What Happens When Patients Turn to ‘Doctor Google’

April 27, 2023

Once upon a time, when patients had questions regarding their health, the first people they would turn to were their doctors. Today, however, that is far from the case. Rather than seek answers from a human GP, more people look to “Doctor Google,” a fact that worries many practitioners.

According to one study, 89% of U.S. citizens turn to Google for answers before asking their doctors. Another study estimated that about 70,000 searches for health information occur on Google every minute. While the accuracy of the results those searches yield varies, the majority of searchers were left more questions — and worries — than answers. In fact, an increasing number of people feel more anxiety and fear after looking up medical information online, a condition known as “’cyberchondria.”

Cyberchondria is a real concern

A play on the word “hypochondria,” cyberchondria refers to increased feelings of fear and anxiety that are the result of trying to self-diagnose health issues online. Though a new problem, the proliferation of smartphones and high-speed internet make cyberchondria an increasingly common issue. The sheer amount of health-related information available online does not help, either.

For instance, a search for “cough” on WebMD’s symptom checker yields more than 50 results. Those results range in severity from the everyday cold to types of cancer. Even seemingly innocent symptoms such as “toe numbness” or “ringing in the ears” can offer dire results. Many people go into these searches with mild interest and come out of them with exaggerated fears about their mortality.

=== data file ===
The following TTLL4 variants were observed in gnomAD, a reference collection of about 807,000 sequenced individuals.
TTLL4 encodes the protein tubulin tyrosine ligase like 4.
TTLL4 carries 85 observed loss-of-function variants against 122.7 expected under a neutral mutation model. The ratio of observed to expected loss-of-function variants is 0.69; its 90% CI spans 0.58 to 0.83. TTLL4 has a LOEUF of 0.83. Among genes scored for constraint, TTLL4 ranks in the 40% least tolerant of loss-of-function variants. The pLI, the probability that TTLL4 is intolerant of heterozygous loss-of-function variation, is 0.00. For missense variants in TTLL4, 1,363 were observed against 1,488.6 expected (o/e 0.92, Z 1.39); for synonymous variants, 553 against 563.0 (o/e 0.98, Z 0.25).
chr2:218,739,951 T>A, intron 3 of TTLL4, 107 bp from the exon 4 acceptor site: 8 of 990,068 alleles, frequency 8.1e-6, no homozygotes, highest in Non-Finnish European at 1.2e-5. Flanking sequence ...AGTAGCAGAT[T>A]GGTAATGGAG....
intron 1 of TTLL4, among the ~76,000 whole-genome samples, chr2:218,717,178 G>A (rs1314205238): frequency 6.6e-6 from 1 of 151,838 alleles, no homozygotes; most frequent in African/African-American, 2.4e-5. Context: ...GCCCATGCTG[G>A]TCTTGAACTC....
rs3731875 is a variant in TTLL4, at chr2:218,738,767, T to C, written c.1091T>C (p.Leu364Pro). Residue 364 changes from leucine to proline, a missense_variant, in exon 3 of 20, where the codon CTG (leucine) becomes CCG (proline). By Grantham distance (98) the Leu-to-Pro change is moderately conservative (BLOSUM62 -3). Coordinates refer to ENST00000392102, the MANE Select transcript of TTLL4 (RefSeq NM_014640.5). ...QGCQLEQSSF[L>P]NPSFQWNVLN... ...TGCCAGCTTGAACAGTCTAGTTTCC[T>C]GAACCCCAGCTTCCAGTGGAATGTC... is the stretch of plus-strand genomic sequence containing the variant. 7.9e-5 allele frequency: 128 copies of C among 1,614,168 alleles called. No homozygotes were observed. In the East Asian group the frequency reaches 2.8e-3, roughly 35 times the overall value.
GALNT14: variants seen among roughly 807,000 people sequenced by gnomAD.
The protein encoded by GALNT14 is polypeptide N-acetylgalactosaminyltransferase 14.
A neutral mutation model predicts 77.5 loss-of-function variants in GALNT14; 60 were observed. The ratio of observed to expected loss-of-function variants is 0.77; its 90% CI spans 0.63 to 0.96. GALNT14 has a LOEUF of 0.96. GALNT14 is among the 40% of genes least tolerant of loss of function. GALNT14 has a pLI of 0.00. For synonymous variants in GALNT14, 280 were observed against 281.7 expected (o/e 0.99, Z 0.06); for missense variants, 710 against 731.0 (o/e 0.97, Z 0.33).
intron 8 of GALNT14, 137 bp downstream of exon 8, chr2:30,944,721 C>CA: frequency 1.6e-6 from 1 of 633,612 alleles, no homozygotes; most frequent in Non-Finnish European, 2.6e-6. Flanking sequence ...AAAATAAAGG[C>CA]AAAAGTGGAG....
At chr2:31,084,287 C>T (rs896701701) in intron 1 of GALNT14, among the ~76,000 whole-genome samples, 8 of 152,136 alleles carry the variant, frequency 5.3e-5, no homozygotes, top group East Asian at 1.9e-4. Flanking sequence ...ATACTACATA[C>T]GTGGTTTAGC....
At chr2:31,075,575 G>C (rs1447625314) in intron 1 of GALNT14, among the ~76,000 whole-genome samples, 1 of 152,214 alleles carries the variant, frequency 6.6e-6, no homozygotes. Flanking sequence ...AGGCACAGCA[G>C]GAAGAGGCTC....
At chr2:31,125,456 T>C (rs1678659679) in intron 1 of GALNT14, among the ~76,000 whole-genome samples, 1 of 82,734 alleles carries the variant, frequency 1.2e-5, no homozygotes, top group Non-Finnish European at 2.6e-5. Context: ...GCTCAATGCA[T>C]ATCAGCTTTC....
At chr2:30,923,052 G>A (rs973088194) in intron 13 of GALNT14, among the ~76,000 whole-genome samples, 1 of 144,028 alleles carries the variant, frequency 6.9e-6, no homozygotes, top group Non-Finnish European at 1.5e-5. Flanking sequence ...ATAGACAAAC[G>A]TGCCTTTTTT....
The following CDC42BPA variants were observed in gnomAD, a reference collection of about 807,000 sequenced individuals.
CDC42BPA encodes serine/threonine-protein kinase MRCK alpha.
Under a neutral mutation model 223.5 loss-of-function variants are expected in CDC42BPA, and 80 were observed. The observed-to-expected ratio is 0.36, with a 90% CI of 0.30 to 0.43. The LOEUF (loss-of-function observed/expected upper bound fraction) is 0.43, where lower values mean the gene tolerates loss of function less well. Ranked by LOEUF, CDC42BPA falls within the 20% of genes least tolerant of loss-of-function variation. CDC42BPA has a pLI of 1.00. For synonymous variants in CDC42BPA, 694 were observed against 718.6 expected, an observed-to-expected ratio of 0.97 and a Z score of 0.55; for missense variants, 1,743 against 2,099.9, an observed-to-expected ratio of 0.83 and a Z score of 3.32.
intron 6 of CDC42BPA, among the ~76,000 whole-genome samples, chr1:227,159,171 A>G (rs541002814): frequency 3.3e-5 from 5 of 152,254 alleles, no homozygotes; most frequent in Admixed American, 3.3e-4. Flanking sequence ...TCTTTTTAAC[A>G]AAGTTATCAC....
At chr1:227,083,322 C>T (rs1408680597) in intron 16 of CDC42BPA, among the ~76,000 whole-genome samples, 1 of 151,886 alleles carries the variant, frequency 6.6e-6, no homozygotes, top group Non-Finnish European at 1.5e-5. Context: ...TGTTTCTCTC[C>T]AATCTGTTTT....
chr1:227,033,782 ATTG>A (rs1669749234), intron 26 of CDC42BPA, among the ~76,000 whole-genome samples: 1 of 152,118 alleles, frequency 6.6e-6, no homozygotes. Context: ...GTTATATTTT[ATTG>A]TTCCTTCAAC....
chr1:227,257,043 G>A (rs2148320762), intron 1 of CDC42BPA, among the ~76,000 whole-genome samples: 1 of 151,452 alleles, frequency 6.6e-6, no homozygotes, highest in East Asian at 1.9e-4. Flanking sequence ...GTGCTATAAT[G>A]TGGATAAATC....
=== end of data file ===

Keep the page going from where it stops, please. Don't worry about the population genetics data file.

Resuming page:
The biggest consequence of cyberchondria is the toll it takes on patients’ mental health. However, it is also a costly issue for the U.S. healthcare system, costing about $73 million each year.

Make patient education part of your online patient marketing

For people not prone to cyberchondria, accessing health information online actually produces better health outcomes. A Pew survey found that patients who educated themselves on health topics before visiting a doctor were more likely to seek professional care than those who ignored issues until more aggressive symptoms developed. More than half of respondents of another survey said they had more confidence in their GPs after conducting an online search.

The bottom line is, online health information can help with patient retention and acquisition. However, it is important that your patients access the right information, which is why you should make it your job to point them in the right direction. While you cannot control what new and existing patients might read on the internet, you can provide pointers to guide their searches:

  • Seek information from sites that end in .gov, .edu or, .org.
  • Verify the authors and contributors are experts in the topic
  • Check the date of the publication
  • Steer clear of any sites that promise cures

Finally, encourage your patients and website visitors to always seek the opinion of an actual medical professional. Google may be a good starting point, but one should never turn to it for a final verdict.

Invest in proper patient education

Prospective and existing patients are turning to Doctor Google first whether you like it or not. The best thing you can do to combat the spread of inaccurate information is to put your own information out there. Work with Doctor Genius to get started. Call us at 1-877-477-2311 today.

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